|Cutting on the Bias ||Cutting on the bias is a sewing term in which you cut on the diagonal to the weave of the fabric.
To find the true diagonal, unravel an edge of the fabric until you get to one straight thread, then fold that edge over
to a 90 degree angle to itself. Cutting on the bias is used for trims and such because it has more stretch to it and gan go around curves easier with less bunching.
(I don't know why this was requested of the Online Cookbook but we try to please.--Editor) |
|daikon ||A sweet Asian radish. May be eaten raw or
|damper ||Australian bushman's bread made from flour salt and water. |
|Darjeeling tea ||A black tea from the Darjeeling province of
|decant ||The pouring of wine (generally) from the bottle
to another container, slowly, so any sediment
remains in the bottle. |
|devein ||To remove the vein from the back of a shrimp. |
|dice ||To cut food into small cubes about 1/4 inch or
5mm across. |
|divide, divided use ||as in, divide sugar, amount stated will be divided up to be used in different parts of the recipe. |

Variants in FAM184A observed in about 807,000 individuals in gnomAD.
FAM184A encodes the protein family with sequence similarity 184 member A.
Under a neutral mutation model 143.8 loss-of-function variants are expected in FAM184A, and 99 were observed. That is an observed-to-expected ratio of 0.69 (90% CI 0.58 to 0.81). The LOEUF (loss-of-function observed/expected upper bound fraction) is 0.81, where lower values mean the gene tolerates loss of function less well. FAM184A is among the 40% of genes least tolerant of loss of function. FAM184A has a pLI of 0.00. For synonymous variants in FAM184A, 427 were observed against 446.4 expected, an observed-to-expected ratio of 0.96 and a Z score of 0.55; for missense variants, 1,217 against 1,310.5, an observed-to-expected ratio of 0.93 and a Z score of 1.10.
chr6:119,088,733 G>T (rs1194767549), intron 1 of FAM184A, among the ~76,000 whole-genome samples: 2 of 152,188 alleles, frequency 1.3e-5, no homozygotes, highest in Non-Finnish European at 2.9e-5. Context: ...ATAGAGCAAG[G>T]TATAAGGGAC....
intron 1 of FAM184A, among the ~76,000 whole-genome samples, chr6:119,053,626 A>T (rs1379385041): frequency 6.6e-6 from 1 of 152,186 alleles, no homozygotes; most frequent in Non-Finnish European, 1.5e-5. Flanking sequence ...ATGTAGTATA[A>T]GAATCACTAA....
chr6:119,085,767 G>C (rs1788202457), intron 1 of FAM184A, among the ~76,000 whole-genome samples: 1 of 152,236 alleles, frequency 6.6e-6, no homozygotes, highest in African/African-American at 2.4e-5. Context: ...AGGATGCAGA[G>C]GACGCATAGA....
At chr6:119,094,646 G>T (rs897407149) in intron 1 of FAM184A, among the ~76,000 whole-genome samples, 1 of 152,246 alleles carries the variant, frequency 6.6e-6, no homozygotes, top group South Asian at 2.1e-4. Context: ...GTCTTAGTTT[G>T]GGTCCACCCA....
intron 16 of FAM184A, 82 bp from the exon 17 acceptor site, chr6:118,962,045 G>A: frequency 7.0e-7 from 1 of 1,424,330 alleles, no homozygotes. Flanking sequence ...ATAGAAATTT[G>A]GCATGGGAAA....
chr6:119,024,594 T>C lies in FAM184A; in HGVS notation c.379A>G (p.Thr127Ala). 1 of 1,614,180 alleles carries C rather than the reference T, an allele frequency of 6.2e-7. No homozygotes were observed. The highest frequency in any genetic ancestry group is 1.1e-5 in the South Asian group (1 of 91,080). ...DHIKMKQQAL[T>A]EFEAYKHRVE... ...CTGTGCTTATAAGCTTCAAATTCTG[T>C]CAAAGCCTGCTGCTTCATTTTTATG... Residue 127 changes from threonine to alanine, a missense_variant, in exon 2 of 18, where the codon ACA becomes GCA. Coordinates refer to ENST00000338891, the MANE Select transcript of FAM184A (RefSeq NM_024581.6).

|double boiler ||A two-pot arrangement where the lower pot contains
simmering water and the upper pot nestles inside,
allowing foods to cook gently without burning. |
|drained and rinsed ||When cooking vegetables in order to get them to stay at that crisp-tender stage,
drop into boiling water. When the vegetable, such as green beans, reaches the desired stage of doneness,
drain the vegetable into a colander and quickly rinse with cool water. Return to the cooking pan, off the flame, and cover to keep warm.
This will halt the cooking process. |
Search cookbook recipe content:
Definitions per page:
Copyright ©1997-2019 by Synergetic Data Systems Inc. All rights
SDSI neither endorses nor warrants any products advertised herein. All
recipe content provided to SDSI is assumed to be original unless identified
as otherwise by the submitter.
SDSI provides all content herein AS IS, without warranty. SDSI is
not responsible for errors or omissions, nor for consequences of improper
preparation, user allergies, or any other consequence of food preparation
Send comments to
our email. For
more information, check our About
the Cookbook page.